For most of us, breakfast is the first diet intake of our day, so what we eat for breakfast greatly influences what we eat the rest of the day, making it very important to choose an energy enhancing, low calorie diet. A recent study conducted by Menzies Research Institute in 2010 suggested that breakfast is the most important meal of the day and skipping it or choosing unhealthy options for food in the morning can increase your risk of diabetes and harmful heart conditions like coronary artery blockage and heart failure. Hence, it is essential to enjoy a well-balanced and healthy breakfast each day, in order to maintain optimum health.
The best healthy breakfast meal should look to comprise of three main elements: Carbohydrates, calcium and fruits. Generally, a meal of 300-400 calories, consisting of whole grain carbohydrates, dairy products, and a moderate serving of fruit, suffices for an adult to keep him/her mentally and physically active throughout the day.
The following are easy breakfast ideas that are quick to prepare and are a rich source of important nutrients:
- A bowl of multi grain cereal with strawberries and low fat milk
- Whole wheat toast with blueberries and a cup of non-fat yogurt
- Scrambled eggs, preferably organic, with freshly prepared fruit salad, along with a latte made with skimmed milk
To give your body a kick start in the morning, you should include plenty of fibers to help you flush out the toxins and even reduce weight. It is advised to have at least 5 grams of fiber in your breakfast every morning which can be in the form of an apple, whole grain bread, or cereal high in fiber content. To boost your immunity system and ward-off common ailments, you can include antioxidants and phyto-estrogens in your diet by adding elements, like soy milk, in your daily breakfast consumption. Soy milk not only helps in providing the much needed calcium in our daily diet, but also protects our heart.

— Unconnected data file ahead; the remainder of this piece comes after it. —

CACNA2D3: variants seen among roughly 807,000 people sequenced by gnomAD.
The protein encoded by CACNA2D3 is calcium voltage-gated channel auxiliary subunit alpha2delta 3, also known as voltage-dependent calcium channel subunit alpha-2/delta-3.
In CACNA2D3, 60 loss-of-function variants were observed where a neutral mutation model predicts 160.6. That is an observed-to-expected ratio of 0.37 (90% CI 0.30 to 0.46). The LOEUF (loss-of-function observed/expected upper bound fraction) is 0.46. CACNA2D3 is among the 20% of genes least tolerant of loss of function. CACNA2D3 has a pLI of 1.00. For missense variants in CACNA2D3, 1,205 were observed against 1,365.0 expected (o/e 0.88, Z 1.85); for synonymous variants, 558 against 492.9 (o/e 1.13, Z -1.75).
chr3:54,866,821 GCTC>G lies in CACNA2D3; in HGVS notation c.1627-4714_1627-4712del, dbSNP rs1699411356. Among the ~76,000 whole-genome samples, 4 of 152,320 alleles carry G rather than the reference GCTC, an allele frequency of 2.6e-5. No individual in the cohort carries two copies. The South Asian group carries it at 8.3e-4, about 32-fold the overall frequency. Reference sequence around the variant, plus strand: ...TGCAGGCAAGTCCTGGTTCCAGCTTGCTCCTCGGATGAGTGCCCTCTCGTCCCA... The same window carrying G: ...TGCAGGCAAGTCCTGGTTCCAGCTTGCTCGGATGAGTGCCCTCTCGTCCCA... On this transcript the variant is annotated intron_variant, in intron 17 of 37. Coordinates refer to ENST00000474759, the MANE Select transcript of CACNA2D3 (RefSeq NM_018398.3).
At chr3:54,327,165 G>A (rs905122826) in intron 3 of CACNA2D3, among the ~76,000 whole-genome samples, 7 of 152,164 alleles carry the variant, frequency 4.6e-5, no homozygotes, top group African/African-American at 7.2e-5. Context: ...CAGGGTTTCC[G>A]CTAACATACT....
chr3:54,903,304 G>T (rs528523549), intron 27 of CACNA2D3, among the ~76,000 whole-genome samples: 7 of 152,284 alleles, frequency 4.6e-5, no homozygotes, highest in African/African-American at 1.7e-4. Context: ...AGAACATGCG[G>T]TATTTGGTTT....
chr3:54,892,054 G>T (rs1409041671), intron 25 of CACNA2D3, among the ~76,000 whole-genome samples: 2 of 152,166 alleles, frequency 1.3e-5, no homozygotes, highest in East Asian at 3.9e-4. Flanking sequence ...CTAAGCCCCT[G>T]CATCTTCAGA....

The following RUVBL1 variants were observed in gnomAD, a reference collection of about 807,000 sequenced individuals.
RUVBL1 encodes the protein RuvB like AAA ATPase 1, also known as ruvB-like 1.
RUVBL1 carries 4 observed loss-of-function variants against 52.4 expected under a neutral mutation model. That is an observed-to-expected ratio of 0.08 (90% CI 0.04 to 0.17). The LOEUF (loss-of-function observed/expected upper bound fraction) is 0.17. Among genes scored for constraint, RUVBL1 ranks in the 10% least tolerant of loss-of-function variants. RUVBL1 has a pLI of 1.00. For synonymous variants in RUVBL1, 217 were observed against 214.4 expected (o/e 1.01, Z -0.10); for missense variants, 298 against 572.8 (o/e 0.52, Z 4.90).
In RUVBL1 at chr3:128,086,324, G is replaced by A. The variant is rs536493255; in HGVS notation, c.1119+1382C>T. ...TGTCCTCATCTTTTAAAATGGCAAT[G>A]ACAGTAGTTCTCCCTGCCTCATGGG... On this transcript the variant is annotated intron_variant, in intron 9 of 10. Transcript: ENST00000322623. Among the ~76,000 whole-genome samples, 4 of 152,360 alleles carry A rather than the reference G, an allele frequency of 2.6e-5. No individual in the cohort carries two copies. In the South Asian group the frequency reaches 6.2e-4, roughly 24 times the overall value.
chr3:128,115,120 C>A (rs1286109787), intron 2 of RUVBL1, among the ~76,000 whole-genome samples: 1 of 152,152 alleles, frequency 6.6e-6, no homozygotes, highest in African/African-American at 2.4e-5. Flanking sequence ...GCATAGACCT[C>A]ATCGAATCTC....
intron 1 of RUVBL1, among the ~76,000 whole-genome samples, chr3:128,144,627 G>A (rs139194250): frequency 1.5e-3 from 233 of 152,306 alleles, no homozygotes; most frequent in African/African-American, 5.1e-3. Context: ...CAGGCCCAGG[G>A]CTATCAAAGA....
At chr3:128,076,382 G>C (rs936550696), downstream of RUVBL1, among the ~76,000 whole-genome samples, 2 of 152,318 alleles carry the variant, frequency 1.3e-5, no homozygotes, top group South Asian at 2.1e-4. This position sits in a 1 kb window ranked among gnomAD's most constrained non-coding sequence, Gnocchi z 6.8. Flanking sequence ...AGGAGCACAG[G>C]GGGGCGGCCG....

Adding a healthy beverage to your breakfast is another factor that you need to consider. In 2012, a research study published by National Health Services of England suggested that green tea has proven to be an ‘elixir of life’. A traditional Chinese medicine, green tea has a number of benefits ranging from being enriched in antioxidants that aid in weight loss. In addition to its heart protective advantages, it also helps get rid of general anxiety and moderate to severe headaches caused by migraines, making it the perfect addition to your breakfast regime.
Hence, one should aim to consume healthy breakfast food every day to achieve a healthy body and mind that will help you start your day positively.
http://www.nhs.uk/news/2012/11november/pages/green-tea-may-be-a-brain-booster.aspx (Accessed on 23/1/2015)
http://circ.ahajournals.org/content/128/4/337.abstract (Accessed on 23/1/2015)
http://www.hsph.harvard.edu/news/features/skipping-breakfast-may-increase-coronary-heart-disease-risk (Accessed on 23/1/2015)
http://www.bath.ac.uk/research/news/2014/06/05/bath-breakfast-study (Accessed on 23/1/2015)
http://www.menzies.utas.edu.au/article.php?Doo=ContentView&id=1217 (Accessed on 23/1/2015)
Helpful Peer-Reviewed Medical Articles:
Lee, C. M., Moskowitz, H. R., & LEE, S. Y. (2007). Expectations, needs and segmentation of healthy breakfast cereal consumers. Journal of Sensory Studies, 22(5), 587-607.
Eilat-Adar, S., Koren-Morag, N., Siman-Tov, M., Livne, I., & Altmen, H. (2011). School-based intervention to promote eating daily and healthy breakfast: A survey and a case–control study. European journal of clinical nutrition, 65(2), 203-209.
Lee, C. M., & LEE, S. Y. (2007). Consumer insights on healthy breakfast cereal–a focus group research. Journal of sensory studies, 22(4), 417-432.
Berg, C., Jonsson, I., Conner, M., & Lissner, L. (2003). Perceptions and reasons for choice of fat-and fibre-containing foods by Swedish schoolchildren. Appetite, 40(1), 61-67.
Devaraj, S., Wang-Polagruto, J., Polagruto, J., Keen, C. L., & Jialal, I. (2008). High-fat, energy-dense, fast-food–style breakfast results in an increase in oxidative stress in metabolic syndrome. Metabolism, 57(6), 867-870.